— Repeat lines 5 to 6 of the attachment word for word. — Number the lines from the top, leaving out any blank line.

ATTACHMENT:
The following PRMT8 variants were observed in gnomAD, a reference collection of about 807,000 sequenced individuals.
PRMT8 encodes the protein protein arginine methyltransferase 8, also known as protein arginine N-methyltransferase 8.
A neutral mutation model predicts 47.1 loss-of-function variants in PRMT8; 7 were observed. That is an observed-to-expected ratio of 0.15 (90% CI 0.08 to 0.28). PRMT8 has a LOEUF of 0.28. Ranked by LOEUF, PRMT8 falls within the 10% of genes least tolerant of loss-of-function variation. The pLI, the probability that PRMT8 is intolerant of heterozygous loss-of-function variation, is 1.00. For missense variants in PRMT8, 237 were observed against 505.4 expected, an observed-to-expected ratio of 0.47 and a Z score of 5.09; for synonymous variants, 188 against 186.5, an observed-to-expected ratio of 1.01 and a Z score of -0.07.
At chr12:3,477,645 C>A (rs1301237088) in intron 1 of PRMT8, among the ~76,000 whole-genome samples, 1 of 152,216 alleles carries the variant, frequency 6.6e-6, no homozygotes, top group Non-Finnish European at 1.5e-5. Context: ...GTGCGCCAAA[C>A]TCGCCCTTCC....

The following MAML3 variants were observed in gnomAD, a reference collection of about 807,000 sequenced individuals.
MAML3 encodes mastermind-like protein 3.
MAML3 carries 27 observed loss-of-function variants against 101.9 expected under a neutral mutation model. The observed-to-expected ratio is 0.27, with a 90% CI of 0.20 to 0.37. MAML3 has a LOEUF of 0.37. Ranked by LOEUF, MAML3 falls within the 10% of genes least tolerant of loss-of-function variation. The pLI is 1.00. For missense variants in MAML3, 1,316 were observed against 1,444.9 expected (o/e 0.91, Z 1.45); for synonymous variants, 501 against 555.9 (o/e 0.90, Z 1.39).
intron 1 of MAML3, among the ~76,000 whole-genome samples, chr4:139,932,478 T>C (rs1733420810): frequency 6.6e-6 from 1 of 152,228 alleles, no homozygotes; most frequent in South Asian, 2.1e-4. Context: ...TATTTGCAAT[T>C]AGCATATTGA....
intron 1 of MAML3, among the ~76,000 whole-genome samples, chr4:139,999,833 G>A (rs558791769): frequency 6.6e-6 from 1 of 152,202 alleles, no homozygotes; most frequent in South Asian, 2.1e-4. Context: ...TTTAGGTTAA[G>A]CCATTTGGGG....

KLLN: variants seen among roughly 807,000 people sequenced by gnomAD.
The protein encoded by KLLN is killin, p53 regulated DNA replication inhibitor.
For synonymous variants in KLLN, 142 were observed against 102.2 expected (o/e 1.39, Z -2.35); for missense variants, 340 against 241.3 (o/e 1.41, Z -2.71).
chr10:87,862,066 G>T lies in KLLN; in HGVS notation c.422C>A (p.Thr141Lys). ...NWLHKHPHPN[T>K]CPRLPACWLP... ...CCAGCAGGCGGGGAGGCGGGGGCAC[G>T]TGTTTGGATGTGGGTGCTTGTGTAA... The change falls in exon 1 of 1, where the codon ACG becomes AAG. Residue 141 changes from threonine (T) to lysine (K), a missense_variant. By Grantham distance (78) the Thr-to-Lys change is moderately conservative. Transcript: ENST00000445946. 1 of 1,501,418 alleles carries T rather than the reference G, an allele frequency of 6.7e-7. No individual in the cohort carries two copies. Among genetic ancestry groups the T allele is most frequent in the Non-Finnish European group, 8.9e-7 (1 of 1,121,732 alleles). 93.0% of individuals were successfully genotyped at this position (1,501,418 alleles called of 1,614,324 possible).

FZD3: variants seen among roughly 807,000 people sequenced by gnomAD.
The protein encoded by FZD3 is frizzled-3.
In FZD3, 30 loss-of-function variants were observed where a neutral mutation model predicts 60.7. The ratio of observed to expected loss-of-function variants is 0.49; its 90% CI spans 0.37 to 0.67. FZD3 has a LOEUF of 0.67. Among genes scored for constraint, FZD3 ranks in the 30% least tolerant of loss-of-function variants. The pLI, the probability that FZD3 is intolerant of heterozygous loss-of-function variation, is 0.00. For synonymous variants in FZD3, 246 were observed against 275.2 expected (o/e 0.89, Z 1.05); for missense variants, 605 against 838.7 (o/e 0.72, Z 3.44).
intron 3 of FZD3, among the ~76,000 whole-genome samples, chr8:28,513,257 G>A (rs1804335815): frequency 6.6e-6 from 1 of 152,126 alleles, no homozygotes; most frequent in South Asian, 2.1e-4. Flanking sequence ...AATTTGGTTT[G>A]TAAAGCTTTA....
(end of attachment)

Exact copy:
The following MAML3 variants were observed in gnomAD, a reference collection of about 807,000 sequenced individuals.
MAML3 encodes mastermind-like protein 3.